And those attacks are magnificent. Every character’s trademark moves are represented one way or another, and this game gets their absurd power levels just right. Transforming Naruto into Nine Tails or activating Luffy’s Gear Four is exactly as satisfying as you want it to be. There’s a real sense of humour to some of them too – a personal favourite was City Hunter’s Ryo crashing across the stage in a car to send enemies flying into the sky with some conveniently placed explosive barrels, only to whip out a six-gun and trigger the explosion in slow-mo.
Movement is totally free in the 3D arena, which keeps fights feeling dynamic, but the game seems to lock you on slightly when you fire off a special attack – or maybe just corrects your aim as long as you’re in roughly the right direction – which means big attacks are forgiving rather than fiddly, with no need to worry about precise aiming in the 3D space.
As for those stages, they’re oddly based on a mix of real world locations and settings from the series themselves. Real life locales include the likes of Times Square, the Matterhorn, and Hong Kong harbour, while fictional stages are drawn mostly from the biggest franchises featured here, like Dragon Ball Z and Naruto. There’s some minimal destructability, but for the most part these are fairly flat environments to fight in.
It’s when you step outside of the core combat that Jump Force begins to show its seams. The single-player story mode is an awkward disappointment, with glacial cutscenes – some voiced (by the original Japanese casts) and some not – that only ever seems fleetingly interested in imagining how characters from these diverse universes would actually interact with one another. You play through it as a character of your own creation, who also serves as your online avatar, with customisation options that drive most of the in-game economy.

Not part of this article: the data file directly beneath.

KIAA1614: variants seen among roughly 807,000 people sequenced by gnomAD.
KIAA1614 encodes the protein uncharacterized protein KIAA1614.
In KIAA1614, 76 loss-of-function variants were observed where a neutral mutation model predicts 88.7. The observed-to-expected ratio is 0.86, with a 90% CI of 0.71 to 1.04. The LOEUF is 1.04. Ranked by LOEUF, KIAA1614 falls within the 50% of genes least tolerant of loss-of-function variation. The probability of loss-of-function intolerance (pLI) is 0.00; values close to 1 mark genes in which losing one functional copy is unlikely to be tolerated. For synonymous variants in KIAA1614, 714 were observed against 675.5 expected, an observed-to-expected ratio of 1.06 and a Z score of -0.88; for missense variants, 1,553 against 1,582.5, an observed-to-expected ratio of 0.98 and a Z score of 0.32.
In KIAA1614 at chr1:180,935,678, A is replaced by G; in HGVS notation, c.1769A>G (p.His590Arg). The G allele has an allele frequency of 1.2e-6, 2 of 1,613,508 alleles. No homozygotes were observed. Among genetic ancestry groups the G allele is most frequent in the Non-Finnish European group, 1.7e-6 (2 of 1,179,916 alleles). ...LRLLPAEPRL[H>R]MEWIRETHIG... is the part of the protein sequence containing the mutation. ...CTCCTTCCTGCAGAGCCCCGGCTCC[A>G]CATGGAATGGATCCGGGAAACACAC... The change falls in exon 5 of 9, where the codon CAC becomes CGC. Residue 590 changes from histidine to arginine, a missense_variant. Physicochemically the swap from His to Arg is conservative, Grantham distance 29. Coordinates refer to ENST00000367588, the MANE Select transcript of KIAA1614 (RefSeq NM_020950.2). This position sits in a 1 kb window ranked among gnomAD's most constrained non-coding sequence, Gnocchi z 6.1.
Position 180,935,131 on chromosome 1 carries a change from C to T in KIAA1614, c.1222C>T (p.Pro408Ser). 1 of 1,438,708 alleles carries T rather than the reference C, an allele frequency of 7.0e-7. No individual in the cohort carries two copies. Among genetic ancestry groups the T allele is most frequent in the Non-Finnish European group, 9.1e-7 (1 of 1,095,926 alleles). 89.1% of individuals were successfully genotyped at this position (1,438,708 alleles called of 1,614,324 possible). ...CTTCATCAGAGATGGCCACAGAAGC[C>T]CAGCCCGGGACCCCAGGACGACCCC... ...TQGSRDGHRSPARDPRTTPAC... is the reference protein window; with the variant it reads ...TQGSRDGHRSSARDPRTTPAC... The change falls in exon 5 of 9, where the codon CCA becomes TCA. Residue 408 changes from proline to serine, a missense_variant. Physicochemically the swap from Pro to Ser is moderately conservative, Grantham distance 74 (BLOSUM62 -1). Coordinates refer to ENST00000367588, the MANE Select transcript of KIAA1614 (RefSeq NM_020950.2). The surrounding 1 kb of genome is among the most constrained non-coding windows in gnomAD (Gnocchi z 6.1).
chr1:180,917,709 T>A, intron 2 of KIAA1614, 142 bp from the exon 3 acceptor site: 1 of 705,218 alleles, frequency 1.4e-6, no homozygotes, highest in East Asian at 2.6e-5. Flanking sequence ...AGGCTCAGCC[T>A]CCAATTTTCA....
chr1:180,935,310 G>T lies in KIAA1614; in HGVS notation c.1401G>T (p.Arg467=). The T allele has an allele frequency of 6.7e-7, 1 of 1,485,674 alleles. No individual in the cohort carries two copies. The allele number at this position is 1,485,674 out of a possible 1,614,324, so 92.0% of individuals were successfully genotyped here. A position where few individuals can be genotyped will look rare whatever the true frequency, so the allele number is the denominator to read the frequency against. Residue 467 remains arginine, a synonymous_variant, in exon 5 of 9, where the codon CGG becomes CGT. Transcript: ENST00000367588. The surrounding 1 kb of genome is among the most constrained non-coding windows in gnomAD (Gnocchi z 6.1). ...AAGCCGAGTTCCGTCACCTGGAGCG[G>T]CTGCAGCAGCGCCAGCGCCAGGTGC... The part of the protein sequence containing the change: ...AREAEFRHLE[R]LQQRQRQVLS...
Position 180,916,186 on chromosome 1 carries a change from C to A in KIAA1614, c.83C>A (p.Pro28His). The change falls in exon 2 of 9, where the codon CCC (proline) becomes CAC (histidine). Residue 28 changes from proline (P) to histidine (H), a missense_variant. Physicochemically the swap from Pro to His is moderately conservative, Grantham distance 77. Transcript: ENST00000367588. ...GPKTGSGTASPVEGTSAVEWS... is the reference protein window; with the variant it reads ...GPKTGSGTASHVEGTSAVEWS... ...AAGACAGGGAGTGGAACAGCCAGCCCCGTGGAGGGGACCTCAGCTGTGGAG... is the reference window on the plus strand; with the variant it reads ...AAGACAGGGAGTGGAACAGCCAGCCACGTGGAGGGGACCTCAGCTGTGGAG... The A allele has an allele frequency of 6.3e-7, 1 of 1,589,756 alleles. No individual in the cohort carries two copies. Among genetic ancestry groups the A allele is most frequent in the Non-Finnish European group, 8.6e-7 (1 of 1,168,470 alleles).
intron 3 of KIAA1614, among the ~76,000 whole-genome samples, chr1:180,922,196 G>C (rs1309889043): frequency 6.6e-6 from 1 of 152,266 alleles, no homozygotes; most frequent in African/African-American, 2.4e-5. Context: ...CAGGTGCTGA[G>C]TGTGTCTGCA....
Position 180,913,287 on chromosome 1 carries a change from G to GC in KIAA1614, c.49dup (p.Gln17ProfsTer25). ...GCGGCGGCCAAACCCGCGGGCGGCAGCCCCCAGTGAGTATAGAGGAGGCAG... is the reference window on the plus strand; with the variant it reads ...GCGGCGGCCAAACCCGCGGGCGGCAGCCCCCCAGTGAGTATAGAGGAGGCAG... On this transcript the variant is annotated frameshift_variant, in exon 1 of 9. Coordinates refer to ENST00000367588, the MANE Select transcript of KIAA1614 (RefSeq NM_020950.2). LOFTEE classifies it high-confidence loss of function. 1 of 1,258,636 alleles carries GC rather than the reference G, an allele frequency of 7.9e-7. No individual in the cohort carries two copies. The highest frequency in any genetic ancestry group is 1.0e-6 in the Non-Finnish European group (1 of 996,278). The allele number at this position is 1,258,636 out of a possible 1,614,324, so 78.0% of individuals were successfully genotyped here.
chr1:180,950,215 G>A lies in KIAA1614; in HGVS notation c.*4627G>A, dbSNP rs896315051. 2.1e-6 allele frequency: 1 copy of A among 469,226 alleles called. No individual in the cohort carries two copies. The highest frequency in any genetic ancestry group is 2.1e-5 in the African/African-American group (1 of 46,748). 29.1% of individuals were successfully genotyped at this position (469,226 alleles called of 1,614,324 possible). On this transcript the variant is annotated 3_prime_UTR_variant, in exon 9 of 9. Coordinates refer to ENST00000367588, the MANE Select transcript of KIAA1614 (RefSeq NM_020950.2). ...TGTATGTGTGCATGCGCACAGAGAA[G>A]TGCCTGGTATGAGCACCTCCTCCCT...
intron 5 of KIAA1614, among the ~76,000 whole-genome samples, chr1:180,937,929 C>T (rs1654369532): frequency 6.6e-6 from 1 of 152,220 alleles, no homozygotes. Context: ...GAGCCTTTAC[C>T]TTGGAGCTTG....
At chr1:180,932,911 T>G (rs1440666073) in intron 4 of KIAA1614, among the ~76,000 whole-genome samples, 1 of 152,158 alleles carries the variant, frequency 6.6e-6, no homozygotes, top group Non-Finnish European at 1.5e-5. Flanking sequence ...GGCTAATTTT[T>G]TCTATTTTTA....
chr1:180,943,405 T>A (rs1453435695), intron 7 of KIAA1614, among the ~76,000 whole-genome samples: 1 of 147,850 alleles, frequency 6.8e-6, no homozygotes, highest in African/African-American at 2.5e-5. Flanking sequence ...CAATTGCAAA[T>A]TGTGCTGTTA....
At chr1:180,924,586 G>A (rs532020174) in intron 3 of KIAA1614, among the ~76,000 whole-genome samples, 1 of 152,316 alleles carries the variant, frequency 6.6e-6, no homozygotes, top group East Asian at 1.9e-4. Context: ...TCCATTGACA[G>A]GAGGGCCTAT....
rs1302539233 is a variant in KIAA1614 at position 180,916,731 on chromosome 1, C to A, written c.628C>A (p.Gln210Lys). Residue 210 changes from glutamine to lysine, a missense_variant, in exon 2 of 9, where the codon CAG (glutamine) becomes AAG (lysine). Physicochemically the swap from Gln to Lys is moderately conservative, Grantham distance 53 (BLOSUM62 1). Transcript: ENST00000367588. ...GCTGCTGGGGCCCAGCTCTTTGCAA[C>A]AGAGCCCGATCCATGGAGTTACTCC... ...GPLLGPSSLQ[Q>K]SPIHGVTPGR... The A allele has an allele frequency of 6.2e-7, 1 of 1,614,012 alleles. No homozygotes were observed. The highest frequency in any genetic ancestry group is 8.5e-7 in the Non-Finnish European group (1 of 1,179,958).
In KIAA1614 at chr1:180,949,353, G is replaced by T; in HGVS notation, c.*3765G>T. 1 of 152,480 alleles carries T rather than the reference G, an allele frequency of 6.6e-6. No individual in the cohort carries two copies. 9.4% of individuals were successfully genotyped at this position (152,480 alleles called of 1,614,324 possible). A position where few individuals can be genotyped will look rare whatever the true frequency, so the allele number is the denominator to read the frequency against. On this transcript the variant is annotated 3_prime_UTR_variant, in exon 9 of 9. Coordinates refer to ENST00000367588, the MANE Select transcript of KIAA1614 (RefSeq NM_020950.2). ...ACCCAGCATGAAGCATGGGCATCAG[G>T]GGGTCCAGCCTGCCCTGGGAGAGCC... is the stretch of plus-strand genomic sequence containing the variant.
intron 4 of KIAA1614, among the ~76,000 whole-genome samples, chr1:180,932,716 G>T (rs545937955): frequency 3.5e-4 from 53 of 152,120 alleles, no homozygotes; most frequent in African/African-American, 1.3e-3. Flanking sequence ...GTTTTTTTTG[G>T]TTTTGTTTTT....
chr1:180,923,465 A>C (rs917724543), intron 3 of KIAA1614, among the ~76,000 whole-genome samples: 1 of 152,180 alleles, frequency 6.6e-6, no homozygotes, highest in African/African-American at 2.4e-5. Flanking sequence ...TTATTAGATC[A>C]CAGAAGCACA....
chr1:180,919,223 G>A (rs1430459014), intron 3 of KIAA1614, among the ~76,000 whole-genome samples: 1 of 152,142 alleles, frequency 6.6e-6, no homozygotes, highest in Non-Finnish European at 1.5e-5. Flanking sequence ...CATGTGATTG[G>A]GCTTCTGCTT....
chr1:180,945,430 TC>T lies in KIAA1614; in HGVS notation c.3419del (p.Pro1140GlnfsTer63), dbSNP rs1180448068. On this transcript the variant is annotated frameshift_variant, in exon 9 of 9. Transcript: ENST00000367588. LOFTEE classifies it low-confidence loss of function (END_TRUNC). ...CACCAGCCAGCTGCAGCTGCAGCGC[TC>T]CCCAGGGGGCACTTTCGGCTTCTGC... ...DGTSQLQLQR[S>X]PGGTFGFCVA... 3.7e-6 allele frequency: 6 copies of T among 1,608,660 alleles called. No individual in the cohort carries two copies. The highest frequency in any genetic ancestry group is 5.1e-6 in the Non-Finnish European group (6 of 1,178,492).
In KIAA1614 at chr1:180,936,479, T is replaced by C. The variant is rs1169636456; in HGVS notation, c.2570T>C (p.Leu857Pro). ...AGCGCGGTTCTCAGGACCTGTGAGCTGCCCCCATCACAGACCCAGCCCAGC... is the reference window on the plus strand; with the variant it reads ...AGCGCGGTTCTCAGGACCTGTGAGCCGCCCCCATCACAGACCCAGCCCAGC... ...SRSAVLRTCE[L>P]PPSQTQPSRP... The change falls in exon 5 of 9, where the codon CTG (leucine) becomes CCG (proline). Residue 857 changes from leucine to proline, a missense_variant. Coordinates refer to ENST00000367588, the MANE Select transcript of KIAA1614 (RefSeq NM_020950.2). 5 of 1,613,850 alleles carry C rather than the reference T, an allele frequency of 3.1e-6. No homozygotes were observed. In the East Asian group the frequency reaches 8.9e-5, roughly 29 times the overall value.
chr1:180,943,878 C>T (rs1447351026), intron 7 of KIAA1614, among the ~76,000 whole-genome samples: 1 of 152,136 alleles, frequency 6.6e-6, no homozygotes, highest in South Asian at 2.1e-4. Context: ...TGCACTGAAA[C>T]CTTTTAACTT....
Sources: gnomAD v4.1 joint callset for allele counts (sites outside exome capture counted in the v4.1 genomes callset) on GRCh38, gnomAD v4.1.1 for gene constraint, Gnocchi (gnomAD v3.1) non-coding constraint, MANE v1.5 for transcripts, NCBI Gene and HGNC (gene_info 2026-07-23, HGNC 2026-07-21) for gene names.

Worse still is the UI – here embodied by a bizarrely massive and utterly empty hub world. When you’re not on a loading screen you’ll spend much of your playtime running across this empty space, or just fast travelling instead. Look, I’m not going to tell Namco how to make games, but if you’ve reached the point where you need fast travel to navigate what is functionally the game’s menu, then it feels like something might have gone a bit wrong.
The core combat in Jump Force is infectiously fun, striking just the right line between depth and accessibility. It’s absolutely joyous thrashing Frieza with Naruto’s Nine-Tails, and Jump Force nails the silly spectacle that’s made so many Shonen Jump series such perennial favourites.
The reduced emphasis on combos keeps things fast-paced and fun, positioning Jump Force as one of the more accessible fighting games – think Super Smash Bros. – but there’s enough tricky timing and depth to the roster that there’s still hope for some sort of competitive scene to sprout up around it.
The problem is that outside of the actual gameplay, everything else about Jump Force feels unfinished. The hub world is an utter disaster, the character creator feels flat, the roster is unbalanced, and you are almost guaranteed to give up on the story mode before you get to the end.